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The Social Origins of Language

By Daniel Dor

Presents a new theoretical framework for the origins of human language and sets key issues in language evolution in their wider context within biological and cultural evolution


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Preposition Placement in English: A Usage-Based Approach

By Thomas Hoffmann

This is the first study that empirically investigates preposition placement across all clause types. The study compares first-language (British English) and second-language (Kenyan English) data and will therefore appeal to readers interested in world Englishes. Over 100 authentic corpus examples are discussed in the text, which will appeal to those who want to see 'real data'


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Free Access 4 You

Free access to several Brill linguistics journals, such as Journal of Jewish Languages, Language Dynamics and Change, and Brill’s Annual of Afroasiatic Languages and Linguistics.


Academic Paper


Title: The Universality of Symbolic Representation for Reading in Asian and Alphabetic Languages
Author: Ellen Bialystok
Institution: York University
Author: Gigi Luk
Institution: Harvard Graduate School of Education
Linguistic Field: Cognitive Science; Neurolinguistics; Language Acquisition; Writing Systems
Subject Language: Chinese, Yue
English
Abstract: Neuroimaging studies of reading have identified unique patterns of activation for individuals reading in alphabetic and Asian languages, suggesting the involvement of different processes in each. The present study investigates the extent to which a cognitive prerequisite for reading, the understanding of the symbolic function of print, is common to children learning to read in these two different systems. Four-year-old children in Hong Kong learning to read in Cantonese and children in Canada learning to read in English are compared for their understanding of this concept by means of the moving word task. Children in both settings performed the same on the task, indicating similar levels of progress in spite of experience with very different writing systems. In addition, the children in Hong Kong benefited from the structural similarity between certain iconic characters and their referents, making these items easier than arbitrary characters. These results point to an important cognitive universal in the development of literacy for all children that is the foundation for skilled reading that later becomes diverse and specialized.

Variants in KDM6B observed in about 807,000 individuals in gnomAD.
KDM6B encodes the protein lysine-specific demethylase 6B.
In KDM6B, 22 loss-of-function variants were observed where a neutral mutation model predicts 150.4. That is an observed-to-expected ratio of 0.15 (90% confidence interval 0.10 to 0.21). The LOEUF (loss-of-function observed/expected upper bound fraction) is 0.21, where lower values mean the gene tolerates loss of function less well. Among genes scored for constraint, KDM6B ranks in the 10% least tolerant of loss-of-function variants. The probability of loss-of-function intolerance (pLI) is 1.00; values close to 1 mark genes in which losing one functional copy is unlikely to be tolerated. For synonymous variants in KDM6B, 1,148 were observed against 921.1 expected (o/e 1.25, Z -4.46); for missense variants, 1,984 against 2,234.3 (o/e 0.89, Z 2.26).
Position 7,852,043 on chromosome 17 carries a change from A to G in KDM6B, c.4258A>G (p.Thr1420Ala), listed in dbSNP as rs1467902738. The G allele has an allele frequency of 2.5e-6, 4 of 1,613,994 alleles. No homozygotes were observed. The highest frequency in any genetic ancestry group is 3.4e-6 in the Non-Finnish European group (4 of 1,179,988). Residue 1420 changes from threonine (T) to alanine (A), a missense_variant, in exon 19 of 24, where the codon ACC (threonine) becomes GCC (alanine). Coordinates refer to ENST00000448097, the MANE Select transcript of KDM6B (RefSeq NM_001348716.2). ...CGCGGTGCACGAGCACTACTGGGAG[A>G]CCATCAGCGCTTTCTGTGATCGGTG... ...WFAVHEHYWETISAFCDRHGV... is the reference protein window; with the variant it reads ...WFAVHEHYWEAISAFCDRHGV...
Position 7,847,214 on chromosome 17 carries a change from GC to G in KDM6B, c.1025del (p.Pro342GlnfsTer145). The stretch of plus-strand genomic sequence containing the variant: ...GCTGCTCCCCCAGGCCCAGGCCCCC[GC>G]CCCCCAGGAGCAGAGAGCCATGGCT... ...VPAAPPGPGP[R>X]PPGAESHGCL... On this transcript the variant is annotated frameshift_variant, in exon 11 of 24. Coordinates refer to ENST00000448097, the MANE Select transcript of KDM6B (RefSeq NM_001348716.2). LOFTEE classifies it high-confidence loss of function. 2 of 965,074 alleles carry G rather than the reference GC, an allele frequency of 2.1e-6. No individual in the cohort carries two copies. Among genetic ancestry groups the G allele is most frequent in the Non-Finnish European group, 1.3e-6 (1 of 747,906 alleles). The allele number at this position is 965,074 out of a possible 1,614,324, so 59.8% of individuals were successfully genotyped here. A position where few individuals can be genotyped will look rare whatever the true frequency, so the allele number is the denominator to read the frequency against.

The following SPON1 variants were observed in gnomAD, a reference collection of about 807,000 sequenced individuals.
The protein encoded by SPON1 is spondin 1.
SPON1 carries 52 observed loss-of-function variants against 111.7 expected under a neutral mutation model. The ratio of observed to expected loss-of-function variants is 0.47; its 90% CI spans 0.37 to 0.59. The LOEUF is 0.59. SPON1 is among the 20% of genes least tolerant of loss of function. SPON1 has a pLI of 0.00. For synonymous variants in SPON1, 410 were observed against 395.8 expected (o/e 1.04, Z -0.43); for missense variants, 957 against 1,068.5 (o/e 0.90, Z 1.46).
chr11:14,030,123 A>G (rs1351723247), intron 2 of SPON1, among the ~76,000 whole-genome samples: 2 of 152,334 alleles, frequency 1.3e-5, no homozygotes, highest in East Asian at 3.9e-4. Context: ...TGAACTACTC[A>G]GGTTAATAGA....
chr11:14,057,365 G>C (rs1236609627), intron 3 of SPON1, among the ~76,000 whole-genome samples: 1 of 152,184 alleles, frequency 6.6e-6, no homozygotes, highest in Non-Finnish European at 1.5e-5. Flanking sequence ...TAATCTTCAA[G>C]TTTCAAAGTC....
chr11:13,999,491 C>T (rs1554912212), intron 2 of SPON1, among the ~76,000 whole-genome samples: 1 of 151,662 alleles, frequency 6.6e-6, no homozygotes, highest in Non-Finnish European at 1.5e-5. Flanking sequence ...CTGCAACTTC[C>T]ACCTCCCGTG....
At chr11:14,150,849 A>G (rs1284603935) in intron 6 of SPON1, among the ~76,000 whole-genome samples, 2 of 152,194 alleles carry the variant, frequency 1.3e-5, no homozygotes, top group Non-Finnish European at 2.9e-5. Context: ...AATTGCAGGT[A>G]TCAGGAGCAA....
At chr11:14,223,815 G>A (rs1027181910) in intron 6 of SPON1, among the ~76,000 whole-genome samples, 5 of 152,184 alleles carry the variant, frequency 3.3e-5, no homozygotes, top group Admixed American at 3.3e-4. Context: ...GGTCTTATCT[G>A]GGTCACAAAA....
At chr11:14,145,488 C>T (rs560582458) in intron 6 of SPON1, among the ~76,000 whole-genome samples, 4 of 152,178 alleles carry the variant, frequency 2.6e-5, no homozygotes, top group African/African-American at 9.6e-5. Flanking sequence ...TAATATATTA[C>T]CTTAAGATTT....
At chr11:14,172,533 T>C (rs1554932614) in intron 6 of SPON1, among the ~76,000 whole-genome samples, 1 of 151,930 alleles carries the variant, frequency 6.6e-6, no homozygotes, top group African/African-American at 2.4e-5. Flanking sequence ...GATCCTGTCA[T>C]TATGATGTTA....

CUP at LINGUIST

This article appears in Bilingualism: Language and Cognition Vol. 10, Issue 2, which you can read on Cambridge's site or on LINGUIST .



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